A school trip by Hordle House School on board HMS Brocklesby 1955. Invited by her Captain, Captain Duckworth.HMS Brocklesby was a Type I "Hunt" Class destroy.



HMS Brocklesby (L 42) 12 Dec 1942 The British destroyers HMS Whitshed, HMS Worcester and HMS Vesper, the British escort destroyers HMS Brocklesby and HMS Albrighton, and the Norwegian escort destroyer Eskdale attacked German shipping in the English Channel. Eskdale torpedoed and sank Sperrbrecher 144/Beijerland (387 BRT) west of Le Treport, France in position 50°05'N, 01°09ɾ and Whitshed torpedoed and sank Sperrbecher 178/Gauss (1236 BRT) north-east of Dieppe, France in position 50°04'N…

HMS BROCKLESBY Hunt class Destroyer Royal Navy Real Photo 1963 | eBay

Find many great new & used options and get the best deals for HMS BROCKLESBY Hunt class Destroyer Royal Navy Real Photo 1963 at the best online prices at eBay! Free delivery for many products!

HMS Derwent, Hunt Class Type 3 destroyer - History



DESTROYERS (Failed to intercept)

HMS Garth (Sheerness, Dad’s ship)


MOTOR TORPEDO BOATS (Failed to intercept)


The Channel Dash, (Operation Cerberus) 11th to 13th February 1942

In an epic David and Goliath battle, Destroyers from Sheerness attacked
a “Giant” German Battle Fleet.

With the sinking of the German Cruiser Admiral Graf Spee on 18 December 1939 and the Battleship Bismarck on the 27th May 1941 the Germans knew that the British Navy would not rest until every one of their capital ship had been destroyed. This kept the large German Ships bottled up in ports for long periods during World War Two.

The German Pocket Battle ships Scharnhorst and Gneisenau and the heavy cruiser Prinz Eugen had taken refuge in the French Port of Breast, then under German control. Although protected by large numbers of anti-aircraft guns the Royal Air Force repeatedly bombed the docks at Breast. On the night of the 6th February 1942 sixty Royal Air Force bombers attacked the Scharnhorst, Gneisenau and Prinz Eugen causing minor damage to the Scharnhorst and Gneisenau. These frequent air attacks caused Adolf Hitler, Chancellor of Germany, to ordered these war ships to move to their home bases in Germany.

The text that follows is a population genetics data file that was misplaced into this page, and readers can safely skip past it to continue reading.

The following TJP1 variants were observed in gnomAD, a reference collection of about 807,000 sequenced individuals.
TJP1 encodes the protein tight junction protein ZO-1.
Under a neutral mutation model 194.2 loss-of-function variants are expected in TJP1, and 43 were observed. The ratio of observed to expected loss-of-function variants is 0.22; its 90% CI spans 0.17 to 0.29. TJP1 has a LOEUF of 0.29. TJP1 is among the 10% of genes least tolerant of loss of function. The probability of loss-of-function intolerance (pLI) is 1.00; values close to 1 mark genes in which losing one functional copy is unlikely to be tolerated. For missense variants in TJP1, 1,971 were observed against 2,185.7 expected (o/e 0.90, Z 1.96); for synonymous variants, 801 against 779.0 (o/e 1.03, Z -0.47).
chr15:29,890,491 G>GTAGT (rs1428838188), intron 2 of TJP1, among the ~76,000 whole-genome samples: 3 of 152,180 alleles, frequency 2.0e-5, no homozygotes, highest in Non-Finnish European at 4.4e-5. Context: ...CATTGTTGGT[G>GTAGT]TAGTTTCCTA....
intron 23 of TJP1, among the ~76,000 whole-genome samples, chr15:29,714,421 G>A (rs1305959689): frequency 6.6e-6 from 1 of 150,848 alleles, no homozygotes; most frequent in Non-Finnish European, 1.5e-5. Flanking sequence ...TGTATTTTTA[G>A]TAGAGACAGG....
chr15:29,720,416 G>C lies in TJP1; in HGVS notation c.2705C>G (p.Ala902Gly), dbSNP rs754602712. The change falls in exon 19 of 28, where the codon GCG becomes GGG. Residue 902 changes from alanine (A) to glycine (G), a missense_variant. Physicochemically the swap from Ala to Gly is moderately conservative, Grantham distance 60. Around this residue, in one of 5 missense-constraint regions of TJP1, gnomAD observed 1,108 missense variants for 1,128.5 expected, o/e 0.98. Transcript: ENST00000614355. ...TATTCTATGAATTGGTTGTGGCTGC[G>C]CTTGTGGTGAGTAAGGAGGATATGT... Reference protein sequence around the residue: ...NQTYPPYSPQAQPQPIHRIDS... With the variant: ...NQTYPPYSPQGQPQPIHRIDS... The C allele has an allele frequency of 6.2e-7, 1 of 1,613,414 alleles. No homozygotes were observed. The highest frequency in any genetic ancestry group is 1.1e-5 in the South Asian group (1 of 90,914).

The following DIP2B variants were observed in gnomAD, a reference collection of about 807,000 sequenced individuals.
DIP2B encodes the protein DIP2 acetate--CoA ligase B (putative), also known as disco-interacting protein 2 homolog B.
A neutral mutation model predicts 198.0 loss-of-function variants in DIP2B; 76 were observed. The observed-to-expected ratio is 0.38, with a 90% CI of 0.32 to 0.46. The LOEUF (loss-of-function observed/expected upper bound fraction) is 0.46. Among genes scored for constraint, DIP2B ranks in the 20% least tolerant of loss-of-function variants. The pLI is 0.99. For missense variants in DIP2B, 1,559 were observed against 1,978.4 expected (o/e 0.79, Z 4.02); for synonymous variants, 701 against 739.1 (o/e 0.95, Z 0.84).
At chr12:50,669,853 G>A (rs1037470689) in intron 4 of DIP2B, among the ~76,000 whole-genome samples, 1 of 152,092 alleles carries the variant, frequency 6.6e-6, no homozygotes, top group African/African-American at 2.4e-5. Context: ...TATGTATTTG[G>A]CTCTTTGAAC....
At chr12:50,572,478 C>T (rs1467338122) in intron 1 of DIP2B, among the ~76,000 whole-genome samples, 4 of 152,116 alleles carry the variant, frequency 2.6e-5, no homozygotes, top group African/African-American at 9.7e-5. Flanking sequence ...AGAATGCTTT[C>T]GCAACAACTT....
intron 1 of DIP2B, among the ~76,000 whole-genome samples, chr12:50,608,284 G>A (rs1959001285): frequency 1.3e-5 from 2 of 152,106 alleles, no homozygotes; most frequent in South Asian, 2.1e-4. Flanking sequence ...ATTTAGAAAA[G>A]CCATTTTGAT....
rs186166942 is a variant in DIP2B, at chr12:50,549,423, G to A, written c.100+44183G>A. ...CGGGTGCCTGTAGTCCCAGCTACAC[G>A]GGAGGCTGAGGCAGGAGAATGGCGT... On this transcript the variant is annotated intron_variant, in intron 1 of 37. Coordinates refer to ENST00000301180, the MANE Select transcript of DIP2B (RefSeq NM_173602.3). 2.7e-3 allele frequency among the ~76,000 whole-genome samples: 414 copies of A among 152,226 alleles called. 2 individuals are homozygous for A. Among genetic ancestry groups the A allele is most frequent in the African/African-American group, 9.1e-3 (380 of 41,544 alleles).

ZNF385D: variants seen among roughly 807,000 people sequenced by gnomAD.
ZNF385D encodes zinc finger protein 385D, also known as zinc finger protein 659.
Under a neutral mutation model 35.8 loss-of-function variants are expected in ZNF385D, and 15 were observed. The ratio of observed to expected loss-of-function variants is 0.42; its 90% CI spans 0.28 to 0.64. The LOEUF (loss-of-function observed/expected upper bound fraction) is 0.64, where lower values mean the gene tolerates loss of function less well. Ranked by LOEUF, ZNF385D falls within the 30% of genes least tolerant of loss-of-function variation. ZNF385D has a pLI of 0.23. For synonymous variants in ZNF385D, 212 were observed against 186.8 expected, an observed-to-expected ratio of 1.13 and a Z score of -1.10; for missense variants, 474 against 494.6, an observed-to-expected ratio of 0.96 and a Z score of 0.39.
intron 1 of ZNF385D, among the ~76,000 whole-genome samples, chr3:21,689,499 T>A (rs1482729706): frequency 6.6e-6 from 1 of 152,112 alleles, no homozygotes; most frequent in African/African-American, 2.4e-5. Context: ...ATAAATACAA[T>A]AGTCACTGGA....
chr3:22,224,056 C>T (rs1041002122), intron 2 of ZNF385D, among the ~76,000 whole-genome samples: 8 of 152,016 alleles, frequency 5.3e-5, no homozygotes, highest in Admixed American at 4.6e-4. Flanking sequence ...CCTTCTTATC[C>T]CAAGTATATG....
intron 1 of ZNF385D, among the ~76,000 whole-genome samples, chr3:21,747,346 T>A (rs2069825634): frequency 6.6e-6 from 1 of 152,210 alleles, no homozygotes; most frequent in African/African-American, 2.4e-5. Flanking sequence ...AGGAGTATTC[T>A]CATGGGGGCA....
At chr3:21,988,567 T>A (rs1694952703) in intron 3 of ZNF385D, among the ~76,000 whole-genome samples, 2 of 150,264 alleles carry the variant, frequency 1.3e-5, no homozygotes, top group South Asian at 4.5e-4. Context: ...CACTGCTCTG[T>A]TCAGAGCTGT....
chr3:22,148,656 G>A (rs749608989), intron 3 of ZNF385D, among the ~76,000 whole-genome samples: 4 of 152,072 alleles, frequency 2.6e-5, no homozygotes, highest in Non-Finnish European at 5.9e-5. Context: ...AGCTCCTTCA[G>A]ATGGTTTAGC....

The Royal Air Force and Royal Navy were on standby for this eventuality. But circumstances were to go against the British.

1, The mistaken belief by the British that the German fleet would break through the Straights of Dover, where they would be in range of shore batteries, under cover of darkness.
2, The British submarine keeping watch on Breast being forced to leave its station to recharge its batteries.
3, The jamming of the British radar by the Germans
4, Communications failures and faulty radar equipment.
5, And the weather, cloud cover down to 700 feet, snow and poor visibility.

All this conspired against the British and allowed the German fleet to sail for over three hundred miles up the English Channel, towards the Straights of Dover, undetected.

British Coastal Artillery.

The coastal battery’s around Dover were the first British units to attack the German fleet.

Visibility was less than five miles. The 9.2 inch guns of the South Foreland Battery, with a range of 31,000 yards (17.61 miles) were the only ones with radar and opened fire at the German Fleet. Unable to detect fall of shot to adjust their range, all 33 shells, missed their target. The remaining guns without radar, three 6 inch guns (range 25,000 yards, over 14 miles) at Fan Bay Battery and the two 15 inch guns (range of 42,000 yards, almost 24 miles) at Wanstone Battery were unable to fire. ​





SCHNELLBOOT (Fast Boats, Motor Torpedo Boats)
S 29, S 39, S 53, S 70, S 103, S 104, S 105, S 108, S 111, Second Schnell based at Ijmuiden.

S 48, S 49, S 50, S 51, S 52, S 64, S 107, S 109, S 110, Forth Schnellboot Flotilla based at Boulogne.

S 18, S 19, S 20, S 22, S 24, S 69, S 71, S 101, s

Sixth Schnellboot Flotilla


1st Minesweeping Flotilla

2nd Minesweeping Flotilla

4th Minesweeping Flotilla

5th Minesweeping Flotilla

12th Minesweeping Flotilla

Motor torpedo boats

It was planned, that should the German Fleet attempt to break through the English Channel, 32 Motor Torpedo Boats, with support from other Royal Navy vessels and RAF fighters and bombers would attack the German fleet.